MediaTek's new flagship chip has dual-SIM 5G but no US-friendly mmWave

The shelves of 5G smartphones are going to get more crowded – and potentially more affordable, too – with chip-maker MediaTek wading into fifth-gen networks with its latest silicon. Dubbed MediaTek Dimensity, it's a family of new 5G chipsets aiming to pull the rug out from under Qualcomm's Snapdragon with features like dual-SIM 5G.

First of the family will be the 7nm Dimensity 1000. It's a 5G SoC (system-on-chip) that includes an eight-core CPU, a GPU, a dedicated AI processing unit, and a MediaTek 5G modem. The company says it's expecting the first Dimensity-based devices to arrive in Q1 2020.

MediaTek Dimensity 1000

On the CPU core side, MediaTek sticks to the power/efficiency model we've seen before. The Dimensity 1000 has four Arm Cortex-A77 cores – capable of up to 2.6 GHz – along with four Arm Cortex-A55 cores, running at up to 2.0 GHz. The former are used for maximum performance, whereas the latter are lower-powered for more efficiency.

On the graphics side, there's an Arm Mali-G77 GPU. MediaTek says it'll be the first company to offer that new core. It'll mean the Dimensity 1000 can support Full HD+ displays at up to 120 Hz, or 2K+ at up to 90Hz. It'll also support Google AV1 at up to 4K at 60 fps.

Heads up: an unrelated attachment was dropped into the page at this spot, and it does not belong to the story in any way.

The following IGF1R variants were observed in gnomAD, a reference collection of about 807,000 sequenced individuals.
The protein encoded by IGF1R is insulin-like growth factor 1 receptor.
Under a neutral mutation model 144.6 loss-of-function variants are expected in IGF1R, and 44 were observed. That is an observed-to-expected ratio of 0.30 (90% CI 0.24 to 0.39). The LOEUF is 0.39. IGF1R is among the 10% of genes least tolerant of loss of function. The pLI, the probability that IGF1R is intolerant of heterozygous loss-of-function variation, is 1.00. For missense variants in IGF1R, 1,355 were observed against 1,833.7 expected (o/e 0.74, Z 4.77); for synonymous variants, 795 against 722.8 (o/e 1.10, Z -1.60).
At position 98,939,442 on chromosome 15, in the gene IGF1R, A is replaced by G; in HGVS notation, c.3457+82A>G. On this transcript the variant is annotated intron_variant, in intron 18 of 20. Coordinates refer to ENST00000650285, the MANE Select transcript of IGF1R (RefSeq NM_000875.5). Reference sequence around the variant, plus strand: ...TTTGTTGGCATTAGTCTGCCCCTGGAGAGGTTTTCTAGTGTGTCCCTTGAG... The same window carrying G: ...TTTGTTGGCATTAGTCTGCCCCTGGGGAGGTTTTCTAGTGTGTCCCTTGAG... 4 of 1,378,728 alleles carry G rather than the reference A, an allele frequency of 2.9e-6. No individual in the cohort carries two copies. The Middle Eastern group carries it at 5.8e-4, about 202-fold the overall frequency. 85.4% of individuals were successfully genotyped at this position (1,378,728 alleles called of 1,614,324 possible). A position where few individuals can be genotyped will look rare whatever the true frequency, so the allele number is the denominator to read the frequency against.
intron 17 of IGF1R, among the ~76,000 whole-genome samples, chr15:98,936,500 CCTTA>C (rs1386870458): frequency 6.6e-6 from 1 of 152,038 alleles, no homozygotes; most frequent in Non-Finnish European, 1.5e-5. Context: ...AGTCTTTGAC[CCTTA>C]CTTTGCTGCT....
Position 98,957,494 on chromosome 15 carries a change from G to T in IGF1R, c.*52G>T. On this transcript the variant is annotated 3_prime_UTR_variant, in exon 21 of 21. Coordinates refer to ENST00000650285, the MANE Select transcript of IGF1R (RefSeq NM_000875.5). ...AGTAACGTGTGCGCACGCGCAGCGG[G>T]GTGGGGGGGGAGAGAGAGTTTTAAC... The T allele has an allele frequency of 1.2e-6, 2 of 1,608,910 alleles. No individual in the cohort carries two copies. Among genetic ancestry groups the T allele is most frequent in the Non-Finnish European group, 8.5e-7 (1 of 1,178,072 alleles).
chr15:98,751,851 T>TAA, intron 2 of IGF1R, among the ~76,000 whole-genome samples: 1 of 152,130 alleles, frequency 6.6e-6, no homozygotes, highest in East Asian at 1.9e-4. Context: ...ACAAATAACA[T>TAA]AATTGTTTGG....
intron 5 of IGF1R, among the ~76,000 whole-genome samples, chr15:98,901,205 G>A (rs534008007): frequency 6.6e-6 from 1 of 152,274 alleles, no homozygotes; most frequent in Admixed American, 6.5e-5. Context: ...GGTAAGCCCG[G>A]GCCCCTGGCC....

To that, MediaTek adds a new AI Processing Unit, APU 3.0. That more than doubles the performance of the old version, with up to 4.5 TOPS. It'll be used for features like facial detection, smarter autofocus and noise-reduction, and multi-frame video HDR in the camera.

Then there's a five-core image signal processor (ISP). That supports devices with up to 80-megapixel sensors at 24fps. It'll also allow for phones with multi-camera arrays, such as a 32- and 16-megapixel dual camera.

Finally, there's WiFi 6 and Bluetooth 5.1+ support. Of course, what really distinguishes the Dimensity 1000 from MediaTek's earlier chipsets is its 5G implementation.

Dual-SIM 5G

There's support for up to 4.7 Gbps downlink and 2.5 Gbps uplink on sub-6GHz networks, with both standalone and non-standalone (SA/NSA) functionality. MediaTek also promises backward compatibility with "every cellular connectivity generation from 2G to 5G" for when you're outside of still-infrequent 5G coverage. 5G carrier aggregation promises higher average speeds and cleaner handovers between networks as you move around.

There's Voice over New Radio (VoNR) support, together with what MediaTek claims is the first implementation of dual 5G SIM. That'll mean connectivity for two 5G networks on a single device, carrier- and device-depending.

What's absent, however, is mmWave (millimeter wave) 5G. That could have big implications in the US, where several carriers are relying on mmWave to build out their 5G networks. Instead, MediaTek says it's focusing on sub-6GHz networks alone.